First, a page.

Ear Taxi co-curator Stephen Burns; photo courtesy of Warren Johnson

The third work was Sam Pluta’s “Tile Mosaic (after Chagall)”, 2010, for two percussionists and four-hand piano, performed by percussionists Cynthia Yeh and Eric Millstein with pianists Winston Choi and Kuang-Hao Huang. Pluta, a well-known composer of electronic and acoustic music told the audience that the work is “not filled with visceral intensity”- but it certainly moved this reviewer that way! Gentle and beautiful, It definitely evoked the playful, pastel-toned fantastic Chagall mosaic images reflected on the screen which were it’s inspiration- it was hypnotizing.

The evening and the Festival concluded with the wildly creative Manual Cinema performing Kyle Vegter’s “Monday or Tuesday”, 2016, a piece conceived for piano, percussion, cello, clarinet and bass clarinet, joined by double-screened visuals and shadow puppetry. Based on a poem by Virginia Woolf, whose iconic image is visually present along with scenes of roaring 20’s era London interspersed with the flight of  white herons, the mesmerizing multi-dimensional puppet opera truly took the audience on an inner journey.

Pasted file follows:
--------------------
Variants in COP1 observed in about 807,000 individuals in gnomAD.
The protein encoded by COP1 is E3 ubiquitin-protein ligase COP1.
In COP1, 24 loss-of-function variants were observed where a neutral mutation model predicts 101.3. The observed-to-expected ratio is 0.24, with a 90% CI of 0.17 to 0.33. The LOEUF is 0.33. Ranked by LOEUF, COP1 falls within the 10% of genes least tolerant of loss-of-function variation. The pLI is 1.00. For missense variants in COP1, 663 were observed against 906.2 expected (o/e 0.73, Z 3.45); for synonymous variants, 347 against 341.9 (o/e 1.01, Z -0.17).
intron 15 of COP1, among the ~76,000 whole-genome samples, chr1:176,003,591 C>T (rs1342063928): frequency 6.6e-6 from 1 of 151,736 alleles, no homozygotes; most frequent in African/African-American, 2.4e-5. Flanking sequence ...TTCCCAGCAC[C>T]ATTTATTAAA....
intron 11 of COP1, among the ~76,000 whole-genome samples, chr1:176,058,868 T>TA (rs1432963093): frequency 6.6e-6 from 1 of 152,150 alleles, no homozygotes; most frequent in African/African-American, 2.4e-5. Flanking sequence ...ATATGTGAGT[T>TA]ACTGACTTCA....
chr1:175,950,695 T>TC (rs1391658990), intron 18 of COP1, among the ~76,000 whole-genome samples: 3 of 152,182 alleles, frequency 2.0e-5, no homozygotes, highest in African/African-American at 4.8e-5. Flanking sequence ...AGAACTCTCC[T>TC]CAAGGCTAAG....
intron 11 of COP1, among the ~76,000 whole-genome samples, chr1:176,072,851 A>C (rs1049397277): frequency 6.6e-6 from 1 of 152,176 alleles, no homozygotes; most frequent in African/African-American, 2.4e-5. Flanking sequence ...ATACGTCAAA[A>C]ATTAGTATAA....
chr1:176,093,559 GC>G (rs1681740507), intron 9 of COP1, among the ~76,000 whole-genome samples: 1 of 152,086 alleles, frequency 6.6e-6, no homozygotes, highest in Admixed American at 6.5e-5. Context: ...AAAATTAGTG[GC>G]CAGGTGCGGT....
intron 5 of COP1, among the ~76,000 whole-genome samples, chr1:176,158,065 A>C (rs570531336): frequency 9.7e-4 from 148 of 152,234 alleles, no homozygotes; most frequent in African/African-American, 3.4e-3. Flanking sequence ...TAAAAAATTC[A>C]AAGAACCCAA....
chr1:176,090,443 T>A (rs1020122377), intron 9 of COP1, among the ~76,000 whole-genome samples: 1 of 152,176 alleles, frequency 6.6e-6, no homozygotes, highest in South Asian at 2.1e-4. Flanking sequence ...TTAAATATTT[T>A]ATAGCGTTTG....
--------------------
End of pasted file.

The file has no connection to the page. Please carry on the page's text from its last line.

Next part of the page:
CSO nd guest musicians with Manual Cinema perform "Monday or Tuesday" by Kyle Venter; photo courtesy of Todd Rosenberg

As was described at the colloquium on day one of Ear Taxi, “the collaboration between composer and performer makes the music special”. This wonderful new Festival, the great recurrent  CLMF and Chicago’s wonderfully inspired and ongoing MusicNOW series all reflect the extraordinary talent in Chicago and their commitment to connect with, inspire and provoke the audience. It was said “Greater contact leads to greater appreciation”. In Chicago, we have grown to expect incredible performances.

Thanks to the CSO, Augusta Read Thomas of The University of Chicago, Stephen Burns of Fulcrum Point New Music Project,  Reba Cafarelli, Ear Taxi Festival Manager, Elbio Barilari of UIC, Professor Gustavo Leone of Loyola, The Harris Theater- and to the many collaborators, sponsers and artists who make these visions come true.